$ ./dirb http://www.somesite.com ./wordlists/big.txt,./wordlists/vulns/sharepoint.txt,./wordlists/vulns/iis.txt -X .asp,.aspx,.html,.htm -o outfile.txt -S
 
The -S is really needed. Why? If it is not included the log includes EVERY test that was against the host, successful or not. If the -S silent switch is added, it only includes (at the terminal and the log) the successful finds. Oh, and the report is in plain text, great for additional reporting and or post processing with unix text processing.
 
As far as real time feed back, that happens too, including status codes, and size of the pages returned. That's helpful for knocking out unusual pages from standard responses such as "Directory Listing not allowed" or 30x Moves.
 
One other helpful switch that I found would be to use the -i switch. Thsi will launch a case insensitive search and can cut down on the amout of requests, especiually when headed to an IIS system or apache on Windows (yeah, windows is case insensitive, unlike posix OSes). One way that I like to determine Webserver type is to use a firefox plugin "Header Spy", which places it on the bottom bar of the browser. This of course does not accutatley identify Apache on Windows all of the time. nor is it completely accurate.
 
So, lets find another way around that and using command line tools.
 
Yay nmap, and thanks to Ron Bowes for the http-headers NSE script. Let's fire this off like so:
 
<pre>
Hiroshige:~ lpesce$ nmap -sV --script=http-headers -p 80 www.healthcomp.com
 
Starting Nmap 5.51 ( http://nmap.org ) at 2011-10-27 16:44 EDT
Note: Host seems down. If it is really up, but blocking our ping probes, try -Pn
Nmap done: 1 IP address (0 hosts up) scanned in 3.06 seconds
Hiroshige:~ lpesce$ nmap -sV --script=http-headers -p 80 www.somesite.com
 
Starting Nmap 5.51 ( http://nmap.org ) at 2011-10-27 16:46 EDT
Nmap scan report for www.somesite.com (208.87.35.101)
Host is up (0.067s latency).
rDNS record for 208.87.35.101: 208-87-35-101.securehost.com
PORT STATE SERVICE VERSION
80/tcp open http Apache httpd 2.2.17 ((Ubuntu))
| http-headers:
| Date: Thu, 27 Oct 2011 20:46:42 GMT
| Server: Apache/2.2.17 (Ubuntu)
| X-Powered-By: PHP/5.3.5-1ubuntu7.2
| Set-Cookie: uid=www4ea9c332892637.06471309; expires=Sat, 26-Nov-2011 20:46:42 GMT
| Vary: Accept-Encoding
| Connection: close
| Content-Type: text/html
| Set-Cookie: WEB=W3; path=/
|
|_ (Request type: HEAD)
 
Service detection performed. Please report any incorrect results at http://nmap.org/submit/ .
Nmap done: 1 IP address (1 host up) scanned in 6.73 seconds
</pre>
 
In this case we've got Apache on Ubuntu. No need for the DIRB -i switch here.
 
 
<pre>
$ nmap -sV --script=http-headers -p 80 www.someothersite.org
 
Starting Nmap 5.51 ( http://nmap.org ) at 2011-10-27 16:49 EDT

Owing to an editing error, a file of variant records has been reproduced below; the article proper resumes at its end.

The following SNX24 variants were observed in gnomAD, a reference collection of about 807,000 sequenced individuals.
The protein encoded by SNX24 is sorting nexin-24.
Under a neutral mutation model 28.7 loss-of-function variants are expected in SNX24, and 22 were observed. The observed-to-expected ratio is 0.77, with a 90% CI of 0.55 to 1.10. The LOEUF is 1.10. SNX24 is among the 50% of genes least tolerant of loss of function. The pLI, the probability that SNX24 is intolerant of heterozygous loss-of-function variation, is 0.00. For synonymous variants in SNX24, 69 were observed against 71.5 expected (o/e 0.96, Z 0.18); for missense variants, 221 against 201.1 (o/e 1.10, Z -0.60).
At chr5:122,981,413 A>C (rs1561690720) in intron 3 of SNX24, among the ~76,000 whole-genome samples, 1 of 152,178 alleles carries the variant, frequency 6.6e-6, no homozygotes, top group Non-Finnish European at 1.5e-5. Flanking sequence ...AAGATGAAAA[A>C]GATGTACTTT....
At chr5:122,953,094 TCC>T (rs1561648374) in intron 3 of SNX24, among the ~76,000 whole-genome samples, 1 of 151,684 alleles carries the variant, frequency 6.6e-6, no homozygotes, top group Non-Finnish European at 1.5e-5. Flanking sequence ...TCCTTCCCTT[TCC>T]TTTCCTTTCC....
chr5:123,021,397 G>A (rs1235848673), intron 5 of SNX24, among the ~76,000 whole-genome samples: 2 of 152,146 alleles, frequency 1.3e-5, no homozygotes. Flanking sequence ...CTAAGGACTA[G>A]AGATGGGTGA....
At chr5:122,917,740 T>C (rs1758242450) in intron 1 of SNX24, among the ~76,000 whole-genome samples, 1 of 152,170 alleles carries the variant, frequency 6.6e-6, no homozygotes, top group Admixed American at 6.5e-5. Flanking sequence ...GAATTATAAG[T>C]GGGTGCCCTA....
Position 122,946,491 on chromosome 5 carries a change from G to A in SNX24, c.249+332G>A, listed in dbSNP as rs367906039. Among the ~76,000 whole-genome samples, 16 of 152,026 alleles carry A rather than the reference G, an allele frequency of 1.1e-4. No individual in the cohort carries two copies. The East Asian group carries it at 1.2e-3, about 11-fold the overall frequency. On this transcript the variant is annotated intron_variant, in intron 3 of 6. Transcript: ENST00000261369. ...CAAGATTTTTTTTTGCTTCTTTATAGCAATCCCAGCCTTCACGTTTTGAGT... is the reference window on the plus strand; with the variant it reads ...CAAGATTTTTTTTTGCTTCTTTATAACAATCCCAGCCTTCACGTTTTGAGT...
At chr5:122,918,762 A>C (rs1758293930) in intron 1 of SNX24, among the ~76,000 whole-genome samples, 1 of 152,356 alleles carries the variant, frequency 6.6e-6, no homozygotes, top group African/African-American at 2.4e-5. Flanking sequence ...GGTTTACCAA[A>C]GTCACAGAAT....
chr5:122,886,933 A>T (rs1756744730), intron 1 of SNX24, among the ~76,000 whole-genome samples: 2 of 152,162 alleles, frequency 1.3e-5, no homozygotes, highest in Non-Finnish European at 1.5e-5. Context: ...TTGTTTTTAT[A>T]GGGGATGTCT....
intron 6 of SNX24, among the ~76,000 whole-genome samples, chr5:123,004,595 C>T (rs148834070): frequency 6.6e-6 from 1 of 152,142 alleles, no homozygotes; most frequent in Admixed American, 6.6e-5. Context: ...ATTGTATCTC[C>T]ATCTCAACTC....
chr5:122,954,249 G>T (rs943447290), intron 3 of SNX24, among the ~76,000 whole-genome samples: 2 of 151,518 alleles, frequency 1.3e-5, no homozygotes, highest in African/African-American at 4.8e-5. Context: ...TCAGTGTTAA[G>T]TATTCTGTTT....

Nmap scan report for www.carene.org (148.7.237.78)
Host is up (0.019s latency).
rDNS record for 148.7.237.78: www.someothersite.org
PORT STATE SERVICE VERSION
80/tcp open http Microsoft IIS httpd 7.0
| http-headers:
| Content-Type: text/html; charset=UTF-8
| Server: Microsoft-IIS/7.0
| Set-Cookie: CFID=54754419;expires=Sat, 19-Oct-2041 20:49:14 GMT;path=/
| Set-Cookie: CFTOKEN=42783161;expires=Sat, 19-Oct-2041 20:49:14 GMT;path=/
| X-Powered-By: ASP.NET
| Date: Thu, 27 Oct 2011 20:49:14 GMT
| Connection: close
|
|_ (Request type: HEAD)
Service Info: OS: Windows
 
Service detection performed. Please report any incorrect results at http://nmap.org/submit/ .
Nmap done: 1 IP address (1 host up) scanned in 7.12 seconds
</pre>
 
This one would be a good candidate for the -i swtich.
 
<pre>
$ nmap -sV --script=http-headers -p 80 192.168.10.19
 
Starting Nmap 5.51 ( http://nmap.org ) at 2011-10-27 17:56 EDT
Nmap scan report for 192.168.10.19
Host is up (0.0042s latency).
PORT STATE SERVICE VERSION
80/tcp open http Apache httpd 2.2.21 ((Win32))
| http-headers:
| Date: Thu, 27 Oct 2011 21:56:31 GMT
| Server: Apache/2.2.21 (Win32)
| Last-Modified: Sat, 20 Nov 2004 18:16:24 GMT
| ETag: "200000001bcee-2c-3e9549efc6e00"
| Accept-Ranges: bytes
| Content-Length: 44
| Connection: close
| Content-Type: text/html
| X-Pad: avoid browser bug
|
|_ (Request type: HEAD)
 
Service detection performed. Please report any incorrect results at http://nmap.org/submit/ .
Nmap done: 1 IP address (1 host up) scanned in 7.60 seconds
</pre>
 
As would this one.
 
Ok, so the only thing that I'm finding to be an issue with DIRB is the lack of ability to do directory discover, then to filename with extension discovery in the new directories. It appears to only be one or the other.
 
That is all I've got, have fun busting directories.
= Tech Segment: Practical Password Brute Forcing =